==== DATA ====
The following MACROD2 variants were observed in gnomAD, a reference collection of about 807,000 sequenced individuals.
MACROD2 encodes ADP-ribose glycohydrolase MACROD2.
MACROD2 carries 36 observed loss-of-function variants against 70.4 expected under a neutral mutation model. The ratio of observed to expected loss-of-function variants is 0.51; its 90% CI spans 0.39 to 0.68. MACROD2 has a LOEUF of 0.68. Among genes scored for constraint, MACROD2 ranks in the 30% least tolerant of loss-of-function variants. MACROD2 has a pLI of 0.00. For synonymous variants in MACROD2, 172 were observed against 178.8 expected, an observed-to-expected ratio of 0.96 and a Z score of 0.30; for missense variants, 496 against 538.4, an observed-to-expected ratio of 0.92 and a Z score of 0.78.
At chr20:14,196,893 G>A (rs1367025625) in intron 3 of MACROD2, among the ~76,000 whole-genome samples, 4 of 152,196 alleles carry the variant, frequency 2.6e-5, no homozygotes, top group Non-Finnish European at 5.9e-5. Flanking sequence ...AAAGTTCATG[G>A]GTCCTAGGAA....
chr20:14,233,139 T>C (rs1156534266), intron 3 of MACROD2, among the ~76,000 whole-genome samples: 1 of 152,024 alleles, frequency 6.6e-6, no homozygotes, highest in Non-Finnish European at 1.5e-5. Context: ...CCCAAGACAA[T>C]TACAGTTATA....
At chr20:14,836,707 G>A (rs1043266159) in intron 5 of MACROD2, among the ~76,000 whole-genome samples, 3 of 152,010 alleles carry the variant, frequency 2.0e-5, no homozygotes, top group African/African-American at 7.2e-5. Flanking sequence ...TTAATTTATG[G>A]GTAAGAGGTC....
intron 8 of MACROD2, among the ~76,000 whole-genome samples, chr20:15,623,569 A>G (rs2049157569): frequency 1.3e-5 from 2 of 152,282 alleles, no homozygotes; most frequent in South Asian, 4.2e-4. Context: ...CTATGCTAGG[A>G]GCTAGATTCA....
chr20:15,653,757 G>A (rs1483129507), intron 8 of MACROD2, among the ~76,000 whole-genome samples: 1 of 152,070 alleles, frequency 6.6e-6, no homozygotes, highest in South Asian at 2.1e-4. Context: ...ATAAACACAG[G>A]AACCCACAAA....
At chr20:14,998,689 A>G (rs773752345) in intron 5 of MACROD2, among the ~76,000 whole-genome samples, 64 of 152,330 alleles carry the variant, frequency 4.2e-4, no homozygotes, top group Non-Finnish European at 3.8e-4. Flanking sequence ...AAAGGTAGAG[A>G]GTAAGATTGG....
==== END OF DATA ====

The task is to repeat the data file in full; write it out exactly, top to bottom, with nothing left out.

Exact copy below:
The following MACROD2 variants were observed in gnomAD, a reference collection of about 807,000 sequenced individuals.
MACROD2 encodes ADP-ribose glycohydrolase MACROD2.
MACROD2 carries 36 observed loss-of-function variants against 70.4 expected under a neutral mutation model. The ratio of observed to expected loss-of-function variants is 0.51; its 90% CI spans 0.39 to 0.68. MACROD2 has a LOEUF of 0.68. Among genes scored for constraint, MACROD2 ranks in the 30% least tolerant of loss-of-function variants. MACROD2 has a pLI of 0.00. For synonymous variants in MACROD2, 172 were observed against 178.8 expected, an observed-to-expected ratio of 0.96 and a Z score of 0.30; for missense variants, 496 against 538.4, an observed-to-expected ratio of 0.92 and a Z score of 0.78.
At chr20:14,196,893 G>A (rs1367025625) in intron 3 of MACROD2, among the ~76,000 whole-genome samples, 4 of 152,196 alleles carry the variant, frequency 2.6e-5, no homozygotes, top group Non-Finnish European at 5.9e-5. Flanking sequence ...AAAGTTCATG[G>A]GTCCTAGGAA....
chr20:14,233,139 T>C (rs1156534266), intron 3 of MACROD2, among the ~76,000 whole-genome samples: 1 of 152,024 alleles, frequency 6.6e-6, no homozygotes, highest in Non-Finnish European at 1.5e-5. Context: ...CCCAAGACAA[T>C]TACAGTTATA....
At chr20:14,836,707 G>A (rs1043266159) in intron 5 of MACROD2, among the ~76,000 whole-genome samples, 3 of 152,010 alleles carry the variant, frequency 2.0e-5, no homozygotes, top group African/African-American at 7.2e-5. Flanking sequence ...TTAATTTATG[G>A]GTAAGAGGTC....
intron 8 of MACROD2, among the ~76,000 whole-genome samples, chr20:15,623,569 A>G (rs2049157569): frequency 1.3e-5 from 2 of 152,282 alleles, no homozygotes; most frequent in South Asian, 4.2e-4. Context: ...CTATGCTAGG[A>G]GCTAGATTCA....
chr20:15,653,757 G>A (rs1483129507), intron 8 of MACROD2, among the ~76,000 whole-genome samples: 1 of 152,070 alleles, frequency 6.6e-6, no homozygotes, highest in South Asian at 2.1e-4. Context: ...ATAAACACAG[G>A]AACCCACAAA....
At chr20:14,998,689 A>G (rs773752345) in intron 5 of MACROD2, among the ~76,000 whole-genome samples, 64 of 152,330 alleles carry the variant, frequency 4.2e-4, no homozygotes, top group Non-Finnish European at 3.8e-4. Flanking sequence ...AAAGGTAGAG[A>G]GTAAGATTGG....